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Thailand’s Good Care for Older Persons to Be Used as a Model in ASEAN

February 1, 2014 Destination Thailand No Comments Email Email

Japan has expressed admiration for the ways that Thailand helps provide good care for the older population. It has the idea of spreading the system of caring for senior citizens in Thailand to other countries in ASEAN.

Deputy Permanent Secretary for Public Health Chanvit Tharathep said that the Ministry of Public Health and the Japan International Cooperation Agency (JICA) are conducting jointly a project to develop health services on a long-term basis for older persons who have health problems and cannot help themselves.

This group of older persons accounts for about 1 percent of the country’s population. The project, scheduled for 2013 to 2017, covers six prototype provinces, namely Bangkok, Chiang Rai, Nakhon Ratchasima, Surat Thani, Nonthaburi, and Khon Kaen. It aims to provide treatment for sick older persons, improve the functioning of their organs, prevent their illnesses from worsening, offer advice on caring for them, and boost the morale of their families.

The five-year project is being carried out in cooperation with other relevant government agencies, such as the Ministry of Social Development and Human Security and the Ministry of Interior. Health services to sick older persons under this project are offered in several forms, such as day-care service, rehabilitation at home, traditional Thai massage, food preparation, physical exercise, and the arrangement of volunteers to work with local officials in taking care of them.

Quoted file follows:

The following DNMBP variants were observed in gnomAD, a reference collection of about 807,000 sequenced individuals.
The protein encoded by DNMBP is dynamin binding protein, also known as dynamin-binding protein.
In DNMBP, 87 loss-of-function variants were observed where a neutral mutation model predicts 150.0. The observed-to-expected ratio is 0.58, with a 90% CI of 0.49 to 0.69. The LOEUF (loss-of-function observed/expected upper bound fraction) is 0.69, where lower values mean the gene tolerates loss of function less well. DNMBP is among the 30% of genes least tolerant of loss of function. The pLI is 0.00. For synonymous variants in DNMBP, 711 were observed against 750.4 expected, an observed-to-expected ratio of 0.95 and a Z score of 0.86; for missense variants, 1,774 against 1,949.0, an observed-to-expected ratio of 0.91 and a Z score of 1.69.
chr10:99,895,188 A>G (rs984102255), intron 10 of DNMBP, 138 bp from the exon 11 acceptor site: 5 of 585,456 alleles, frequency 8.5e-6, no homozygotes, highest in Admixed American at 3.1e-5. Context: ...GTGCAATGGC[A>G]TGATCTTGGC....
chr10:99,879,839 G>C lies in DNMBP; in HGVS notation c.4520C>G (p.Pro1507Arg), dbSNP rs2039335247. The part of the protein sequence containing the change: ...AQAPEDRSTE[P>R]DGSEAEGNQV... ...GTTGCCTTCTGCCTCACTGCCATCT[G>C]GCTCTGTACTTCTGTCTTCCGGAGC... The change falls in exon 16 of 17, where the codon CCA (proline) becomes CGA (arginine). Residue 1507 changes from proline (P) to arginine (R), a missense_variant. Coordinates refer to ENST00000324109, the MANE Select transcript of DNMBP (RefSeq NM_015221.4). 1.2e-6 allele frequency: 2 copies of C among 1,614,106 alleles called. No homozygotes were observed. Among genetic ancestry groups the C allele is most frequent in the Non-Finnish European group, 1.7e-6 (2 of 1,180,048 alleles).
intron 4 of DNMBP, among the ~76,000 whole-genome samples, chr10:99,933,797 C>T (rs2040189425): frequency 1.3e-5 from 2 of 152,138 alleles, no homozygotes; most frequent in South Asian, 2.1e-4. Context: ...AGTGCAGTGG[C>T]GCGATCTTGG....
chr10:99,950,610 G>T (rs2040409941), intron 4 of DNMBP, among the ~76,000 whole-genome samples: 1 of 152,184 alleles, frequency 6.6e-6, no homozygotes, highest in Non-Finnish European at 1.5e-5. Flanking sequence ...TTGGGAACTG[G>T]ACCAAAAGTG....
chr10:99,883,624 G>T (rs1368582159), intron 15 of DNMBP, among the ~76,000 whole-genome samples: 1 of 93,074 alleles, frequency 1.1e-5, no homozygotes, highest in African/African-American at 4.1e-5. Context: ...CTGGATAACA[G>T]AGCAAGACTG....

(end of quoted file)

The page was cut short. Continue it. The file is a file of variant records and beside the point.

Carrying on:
It is expected that the project will greatly reduce expenditures for senior citizen care in hospitals. There are currently 9.5 million older persons in Thailand. The number represents 15 percent of Thailand’s population. About 50 percent of them suffer from chronic health problems.

According to Dr. Chanvit, before starting this project, Japan had undertaken a study on health management for older adults in four provinces in Thailand, namely Chiang Rai, Surat Thani, Nonthaburi, and Khon Kaen. The study shows that Thailand has been on the right track in its approach to caring for senior citizens, so that they can live happily in the family and the community.

Dr. Chanvit in November 2013 represented Thailand at the ASEAN-Japan Seminar on Regional Cooperation for the Aging Society, held at the ASEAN Secretariat in Indonesia. ASEAN has been experiencing the acceleration of demographic ageing, especially in Indonesia and Thailand.

The Ministry of Public Health of Thailand has a policy to promote health among the people of all age groups under the program “Good health starts here.” In order to promote good health among the elderly, Thailand has encouraged the establishment of more clubs, or centers, where the elderly can join social activities and events in local communities. This will help promote physical and mental health among senior citizens.

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